What is a Flahute? The type of rider who wins races where 125 riders start and one finishes—that’s a Flahute.
A Flahute thinks the Tour de France is just a bunch of long training rides. A real race is one where it’s pouring rain, it’s cold, the roads are treacherous, and the prize list is about the same as your 8-year-old neighbor’s allowance. When you’re a Flahute, that’s racing.
To put it another way, if your cycling spirit dampens at the sight of rain, you sure as shoot ain’t a Flahute.
The term is believed to have been coined after the Second World War by French journalists, who used it endearingly to describe their Belgian neighbors to the north. It specifically refers to cyclists from the Flemish-speaking northern provinces of Flanders; racers who rode the legs off their rivals over the pavé and through cold, rainy conditions.
These racers focus on such classics as the Tour of Flanders and Paris-Roubaix, those tough northern classics filled with some of the worst roads and weather imaginable in bike racing. The only thing tougher than the races themselves are the guys that win them.
So who are the Flahutes?
A rider like Eddy Merckx, who won 5 Tours de France and 5 Giros d’Italia, in spite of being a Flahute. Roger de Vlaeminck, who won Paris-Roubaix on 4 separate occasions. Andrei Tchmil and Johan Museeuw and Peter van Petegem, who all battled it out for dominance in the mid-1990s. Riders like Brieke Schotte, Rik van Steenbergen (Rik I), and Rik van Looy (Rik II) in the post-WWII years.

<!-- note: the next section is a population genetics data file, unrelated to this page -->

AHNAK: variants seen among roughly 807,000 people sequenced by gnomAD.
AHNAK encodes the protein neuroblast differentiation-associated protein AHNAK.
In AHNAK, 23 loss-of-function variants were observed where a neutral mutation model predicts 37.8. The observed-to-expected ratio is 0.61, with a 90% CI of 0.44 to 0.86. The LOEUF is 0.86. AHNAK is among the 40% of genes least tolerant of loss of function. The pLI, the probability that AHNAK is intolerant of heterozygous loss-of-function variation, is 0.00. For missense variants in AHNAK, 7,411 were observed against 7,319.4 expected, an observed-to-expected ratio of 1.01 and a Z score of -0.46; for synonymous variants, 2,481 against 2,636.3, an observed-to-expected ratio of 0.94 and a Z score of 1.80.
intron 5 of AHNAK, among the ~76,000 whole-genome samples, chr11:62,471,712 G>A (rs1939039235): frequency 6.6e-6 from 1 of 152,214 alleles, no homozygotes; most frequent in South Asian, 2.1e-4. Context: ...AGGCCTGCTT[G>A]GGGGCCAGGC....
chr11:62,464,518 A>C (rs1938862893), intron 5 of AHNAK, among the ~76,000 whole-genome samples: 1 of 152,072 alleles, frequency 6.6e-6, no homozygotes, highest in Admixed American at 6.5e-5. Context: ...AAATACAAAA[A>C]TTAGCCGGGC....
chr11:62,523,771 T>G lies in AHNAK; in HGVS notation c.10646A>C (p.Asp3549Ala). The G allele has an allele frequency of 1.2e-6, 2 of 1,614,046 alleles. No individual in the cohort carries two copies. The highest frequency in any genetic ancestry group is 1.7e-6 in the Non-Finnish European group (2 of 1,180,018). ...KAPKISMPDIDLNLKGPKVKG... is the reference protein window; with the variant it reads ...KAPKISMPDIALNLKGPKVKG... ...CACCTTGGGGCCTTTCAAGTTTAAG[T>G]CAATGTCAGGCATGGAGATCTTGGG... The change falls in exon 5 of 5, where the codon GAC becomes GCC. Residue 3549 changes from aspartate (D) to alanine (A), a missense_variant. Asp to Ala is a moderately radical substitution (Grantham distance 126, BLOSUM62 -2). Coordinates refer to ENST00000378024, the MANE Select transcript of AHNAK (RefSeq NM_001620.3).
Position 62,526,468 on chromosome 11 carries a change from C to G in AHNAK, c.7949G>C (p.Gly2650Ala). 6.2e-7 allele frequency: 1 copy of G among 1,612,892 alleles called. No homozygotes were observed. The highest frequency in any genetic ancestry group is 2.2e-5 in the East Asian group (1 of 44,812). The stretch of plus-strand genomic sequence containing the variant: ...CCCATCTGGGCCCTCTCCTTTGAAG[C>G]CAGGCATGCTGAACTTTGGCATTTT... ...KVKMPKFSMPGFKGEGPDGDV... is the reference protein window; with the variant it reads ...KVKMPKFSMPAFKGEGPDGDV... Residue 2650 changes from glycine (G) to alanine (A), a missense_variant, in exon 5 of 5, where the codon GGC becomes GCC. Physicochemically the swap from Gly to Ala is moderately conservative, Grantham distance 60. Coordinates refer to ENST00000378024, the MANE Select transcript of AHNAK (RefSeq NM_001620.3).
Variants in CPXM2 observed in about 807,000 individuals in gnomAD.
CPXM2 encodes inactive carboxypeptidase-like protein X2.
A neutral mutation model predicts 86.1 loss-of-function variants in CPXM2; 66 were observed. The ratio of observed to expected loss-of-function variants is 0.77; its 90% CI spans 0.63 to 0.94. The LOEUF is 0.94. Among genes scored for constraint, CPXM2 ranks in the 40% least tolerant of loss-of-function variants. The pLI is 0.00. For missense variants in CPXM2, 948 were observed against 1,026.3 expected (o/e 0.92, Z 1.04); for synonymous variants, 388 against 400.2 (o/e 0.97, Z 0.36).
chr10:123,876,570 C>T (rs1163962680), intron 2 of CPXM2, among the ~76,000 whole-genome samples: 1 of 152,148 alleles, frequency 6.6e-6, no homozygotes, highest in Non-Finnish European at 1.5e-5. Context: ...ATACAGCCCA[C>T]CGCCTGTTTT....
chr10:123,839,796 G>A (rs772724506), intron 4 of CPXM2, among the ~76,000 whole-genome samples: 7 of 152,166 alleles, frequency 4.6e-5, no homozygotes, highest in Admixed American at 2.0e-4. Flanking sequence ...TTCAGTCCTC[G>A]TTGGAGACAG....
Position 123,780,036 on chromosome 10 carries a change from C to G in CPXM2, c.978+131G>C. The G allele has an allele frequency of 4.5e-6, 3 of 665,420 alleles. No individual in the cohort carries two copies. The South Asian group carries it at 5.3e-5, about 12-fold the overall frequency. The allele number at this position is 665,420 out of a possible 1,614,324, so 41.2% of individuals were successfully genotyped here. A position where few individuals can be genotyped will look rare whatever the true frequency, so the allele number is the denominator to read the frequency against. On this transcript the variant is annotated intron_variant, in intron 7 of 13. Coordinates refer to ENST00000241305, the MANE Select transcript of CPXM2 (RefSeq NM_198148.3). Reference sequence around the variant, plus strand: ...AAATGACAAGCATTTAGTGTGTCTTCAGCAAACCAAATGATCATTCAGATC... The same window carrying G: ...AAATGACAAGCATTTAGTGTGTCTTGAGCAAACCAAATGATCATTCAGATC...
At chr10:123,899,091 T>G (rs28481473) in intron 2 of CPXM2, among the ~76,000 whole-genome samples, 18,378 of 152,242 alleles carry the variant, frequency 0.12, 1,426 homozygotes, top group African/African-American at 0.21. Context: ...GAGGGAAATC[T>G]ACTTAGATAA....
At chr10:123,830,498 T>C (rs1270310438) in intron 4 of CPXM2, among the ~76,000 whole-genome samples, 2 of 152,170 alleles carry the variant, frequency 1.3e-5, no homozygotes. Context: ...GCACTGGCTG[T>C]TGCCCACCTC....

Jacques Anquetil knew better than to even try, while Bernard Hinault was one of the rare Frenchman who could contemplate qualifying. Sean Kelly was the first — and only — Irish Flahute. Lance Armstrong didn’t have the balls to be a Flahute (yes, pun intended).
Tom Boonen and Fabian Cancellara are probably the two most recent examples, but Greg van Avermaet and Philippe Gilbert are making strong cases for themselves. Wout van Aert and Mathieu van der Poel certainly have the potential, as they make their transitions to road racing from cyclocross.
One of the best descriptions of the Flahute that I’ve found is in Graham R. Jones’ article titled “Flahute and ‘The Lion of Flanders’”. Go read it, then report back here for more great descriptions of what makes a Flahute; this time in a two-part article on Walter Godefroot. Read part one and part two.